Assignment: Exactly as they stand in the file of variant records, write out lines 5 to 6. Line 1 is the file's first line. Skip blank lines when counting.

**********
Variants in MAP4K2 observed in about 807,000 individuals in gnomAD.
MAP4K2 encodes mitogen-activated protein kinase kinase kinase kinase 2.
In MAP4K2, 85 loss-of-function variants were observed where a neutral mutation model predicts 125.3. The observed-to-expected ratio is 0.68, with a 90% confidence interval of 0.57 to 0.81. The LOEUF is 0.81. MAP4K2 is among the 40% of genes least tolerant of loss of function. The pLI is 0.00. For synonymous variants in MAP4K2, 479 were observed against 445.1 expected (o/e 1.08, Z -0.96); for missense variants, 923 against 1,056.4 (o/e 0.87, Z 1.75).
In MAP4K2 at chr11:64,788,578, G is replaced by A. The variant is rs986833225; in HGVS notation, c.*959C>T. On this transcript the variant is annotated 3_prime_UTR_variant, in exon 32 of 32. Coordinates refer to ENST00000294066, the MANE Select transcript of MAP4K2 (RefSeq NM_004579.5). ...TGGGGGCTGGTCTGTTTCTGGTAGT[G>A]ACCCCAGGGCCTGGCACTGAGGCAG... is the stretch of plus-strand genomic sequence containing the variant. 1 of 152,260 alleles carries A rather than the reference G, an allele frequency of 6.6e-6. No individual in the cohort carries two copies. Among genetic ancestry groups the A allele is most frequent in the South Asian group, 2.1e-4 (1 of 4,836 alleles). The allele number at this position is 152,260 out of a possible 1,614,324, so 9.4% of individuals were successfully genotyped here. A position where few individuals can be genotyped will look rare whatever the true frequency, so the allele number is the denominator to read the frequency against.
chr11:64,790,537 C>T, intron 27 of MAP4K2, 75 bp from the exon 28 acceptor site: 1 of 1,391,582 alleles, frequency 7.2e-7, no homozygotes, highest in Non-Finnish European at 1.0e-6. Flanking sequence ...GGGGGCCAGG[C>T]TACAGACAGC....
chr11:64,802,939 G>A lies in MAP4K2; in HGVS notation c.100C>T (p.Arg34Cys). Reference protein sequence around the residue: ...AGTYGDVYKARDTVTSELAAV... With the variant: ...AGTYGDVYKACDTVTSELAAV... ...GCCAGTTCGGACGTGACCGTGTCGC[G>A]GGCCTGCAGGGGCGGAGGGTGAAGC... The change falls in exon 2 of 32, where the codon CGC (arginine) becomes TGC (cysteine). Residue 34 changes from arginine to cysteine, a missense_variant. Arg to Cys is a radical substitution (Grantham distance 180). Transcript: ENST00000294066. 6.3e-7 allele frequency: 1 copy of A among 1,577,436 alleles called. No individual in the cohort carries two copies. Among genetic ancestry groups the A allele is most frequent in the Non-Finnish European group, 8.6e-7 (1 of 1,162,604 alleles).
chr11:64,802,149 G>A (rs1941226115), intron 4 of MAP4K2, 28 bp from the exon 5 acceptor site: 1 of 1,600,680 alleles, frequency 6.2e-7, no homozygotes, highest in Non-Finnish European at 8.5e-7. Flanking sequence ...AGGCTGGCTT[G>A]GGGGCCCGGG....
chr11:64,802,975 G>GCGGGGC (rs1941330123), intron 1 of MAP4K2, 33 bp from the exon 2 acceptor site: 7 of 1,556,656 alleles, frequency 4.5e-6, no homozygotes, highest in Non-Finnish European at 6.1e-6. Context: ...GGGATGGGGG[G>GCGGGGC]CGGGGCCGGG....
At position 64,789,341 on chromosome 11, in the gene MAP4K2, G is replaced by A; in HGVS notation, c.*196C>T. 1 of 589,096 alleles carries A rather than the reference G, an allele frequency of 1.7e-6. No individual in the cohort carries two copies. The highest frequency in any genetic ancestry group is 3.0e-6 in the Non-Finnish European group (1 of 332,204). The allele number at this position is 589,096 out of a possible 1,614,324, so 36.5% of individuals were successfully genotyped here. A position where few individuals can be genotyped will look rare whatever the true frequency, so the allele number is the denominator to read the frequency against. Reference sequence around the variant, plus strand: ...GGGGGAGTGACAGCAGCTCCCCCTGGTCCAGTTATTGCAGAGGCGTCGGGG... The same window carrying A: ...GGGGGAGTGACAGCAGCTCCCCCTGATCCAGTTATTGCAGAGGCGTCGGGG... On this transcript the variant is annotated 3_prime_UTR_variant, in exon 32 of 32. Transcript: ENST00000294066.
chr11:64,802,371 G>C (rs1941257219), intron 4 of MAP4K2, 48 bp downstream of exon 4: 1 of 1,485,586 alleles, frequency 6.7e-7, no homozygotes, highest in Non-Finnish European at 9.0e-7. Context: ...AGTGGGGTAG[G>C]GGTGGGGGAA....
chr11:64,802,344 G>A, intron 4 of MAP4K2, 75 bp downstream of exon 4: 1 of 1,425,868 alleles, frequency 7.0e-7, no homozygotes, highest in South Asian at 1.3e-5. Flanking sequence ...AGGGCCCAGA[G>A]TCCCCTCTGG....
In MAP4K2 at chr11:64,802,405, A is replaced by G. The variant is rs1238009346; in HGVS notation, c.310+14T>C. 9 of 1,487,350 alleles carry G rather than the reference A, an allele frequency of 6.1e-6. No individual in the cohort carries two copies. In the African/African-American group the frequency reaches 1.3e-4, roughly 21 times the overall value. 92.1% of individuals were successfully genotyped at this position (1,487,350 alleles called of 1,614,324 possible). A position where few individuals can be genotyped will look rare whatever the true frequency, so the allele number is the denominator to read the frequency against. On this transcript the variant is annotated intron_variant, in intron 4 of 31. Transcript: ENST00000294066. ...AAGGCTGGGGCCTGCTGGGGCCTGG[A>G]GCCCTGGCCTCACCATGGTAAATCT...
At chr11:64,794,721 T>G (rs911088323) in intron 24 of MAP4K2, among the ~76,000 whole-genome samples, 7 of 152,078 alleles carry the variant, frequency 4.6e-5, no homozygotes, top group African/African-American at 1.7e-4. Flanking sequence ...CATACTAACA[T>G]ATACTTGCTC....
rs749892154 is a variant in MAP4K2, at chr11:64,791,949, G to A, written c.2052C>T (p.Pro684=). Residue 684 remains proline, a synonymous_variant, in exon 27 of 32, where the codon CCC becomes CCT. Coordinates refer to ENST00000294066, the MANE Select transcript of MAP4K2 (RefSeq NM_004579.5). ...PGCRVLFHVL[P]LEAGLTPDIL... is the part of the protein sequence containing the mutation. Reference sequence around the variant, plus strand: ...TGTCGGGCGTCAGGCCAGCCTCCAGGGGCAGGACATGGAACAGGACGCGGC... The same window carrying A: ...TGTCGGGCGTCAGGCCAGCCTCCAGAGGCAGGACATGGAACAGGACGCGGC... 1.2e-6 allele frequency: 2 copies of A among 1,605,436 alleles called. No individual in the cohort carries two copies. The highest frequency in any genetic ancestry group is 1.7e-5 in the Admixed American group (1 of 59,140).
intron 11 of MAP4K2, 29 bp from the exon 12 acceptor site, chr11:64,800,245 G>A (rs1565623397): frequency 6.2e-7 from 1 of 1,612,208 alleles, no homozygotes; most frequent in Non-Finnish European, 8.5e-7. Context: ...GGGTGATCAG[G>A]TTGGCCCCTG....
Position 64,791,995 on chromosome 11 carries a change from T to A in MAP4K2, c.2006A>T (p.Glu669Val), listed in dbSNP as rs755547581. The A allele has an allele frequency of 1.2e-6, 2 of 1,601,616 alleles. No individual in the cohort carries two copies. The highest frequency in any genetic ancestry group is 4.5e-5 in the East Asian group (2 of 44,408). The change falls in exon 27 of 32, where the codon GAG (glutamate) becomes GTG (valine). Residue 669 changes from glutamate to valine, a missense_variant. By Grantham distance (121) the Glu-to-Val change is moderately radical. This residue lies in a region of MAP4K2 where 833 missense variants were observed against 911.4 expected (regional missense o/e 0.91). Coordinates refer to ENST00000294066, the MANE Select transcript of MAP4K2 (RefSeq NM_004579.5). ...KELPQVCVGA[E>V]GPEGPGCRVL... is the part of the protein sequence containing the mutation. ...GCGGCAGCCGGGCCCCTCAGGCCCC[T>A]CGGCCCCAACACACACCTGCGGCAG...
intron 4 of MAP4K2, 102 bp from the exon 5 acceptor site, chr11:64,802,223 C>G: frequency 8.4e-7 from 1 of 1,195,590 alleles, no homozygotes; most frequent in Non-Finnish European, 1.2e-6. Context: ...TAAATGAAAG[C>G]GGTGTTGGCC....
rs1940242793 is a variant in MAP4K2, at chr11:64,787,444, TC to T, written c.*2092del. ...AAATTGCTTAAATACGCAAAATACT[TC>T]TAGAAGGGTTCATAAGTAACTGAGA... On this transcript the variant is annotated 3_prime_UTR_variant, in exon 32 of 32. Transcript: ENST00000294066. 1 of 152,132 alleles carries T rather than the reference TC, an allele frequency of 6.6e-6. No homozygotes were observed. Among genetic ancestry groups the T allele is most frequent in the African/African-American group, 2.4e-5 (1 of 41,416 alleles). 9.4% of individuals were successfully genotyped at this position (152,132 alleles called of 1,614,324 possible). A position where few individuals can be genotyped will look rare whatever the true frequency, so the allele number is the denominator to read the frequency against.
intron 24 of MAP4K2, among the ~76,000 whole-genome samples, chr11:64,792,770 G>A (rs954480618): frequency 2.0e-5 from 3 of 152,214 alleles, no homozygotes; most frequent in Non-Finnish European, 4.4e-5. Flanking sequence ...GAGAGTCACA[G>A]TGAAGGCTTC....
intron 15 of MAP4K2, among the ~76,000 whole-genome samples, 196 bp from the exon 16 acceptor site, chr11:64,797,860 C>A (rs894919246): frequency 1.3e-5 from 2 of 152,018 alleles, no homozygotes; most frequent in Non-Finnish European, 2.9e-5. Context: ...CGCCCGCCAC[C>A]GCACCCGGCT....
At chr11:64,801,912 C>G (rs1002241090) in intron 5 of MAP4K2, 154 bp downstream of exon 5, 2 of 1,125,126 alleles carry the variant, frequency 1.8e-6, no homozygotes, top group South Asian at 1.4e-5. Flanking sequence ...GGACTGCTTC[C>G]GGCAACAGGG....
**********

chr11:64,790,537 C>T, intron 27 of MAP4K2, 75 bp from the exon 28 acceptor site: 1 of 1,391,582 alleles, frequency 7.2e-7, no homozygotes, highest in Non-Finnish European at 1.0e-6. Flanking sequence ...GGGGGCCAGG[C>T]TACAGACAGC....
chr11:64,802,939 G>A lies in MAP4K2; in HGVS notation c.100C>T (p.Arg34Cys). Reference protein sequence around the residue: ...AGTYGDVYKARDTVTSELAAV... With the variant: ...AGTYGDVYKACDTVTSELAAV... ...GCCAGTTCGGACGTGACCGTGTCGC[G>A]GGCCTGCAGGGGCGGAGGGTGAAGC... The change falls in exon 2 of 32, where the codon CGC (arginine) becomes TGC (cysteine). Residue 34 changes from arginine to cysteine, a missense_variant. Arg to Cys is a radical substitution (Grantham distance 180). Transcript: ENST00000294066. 6.3e-7 allele frequency: 1 copy of A among 1,577,436 alleles called. No individual in the cohort carries two copies. Among genetic ancestry groups the A allele is most frequent in the Non-Finnish European group, 8.6e-7 (1 of 1,162,604 alleles).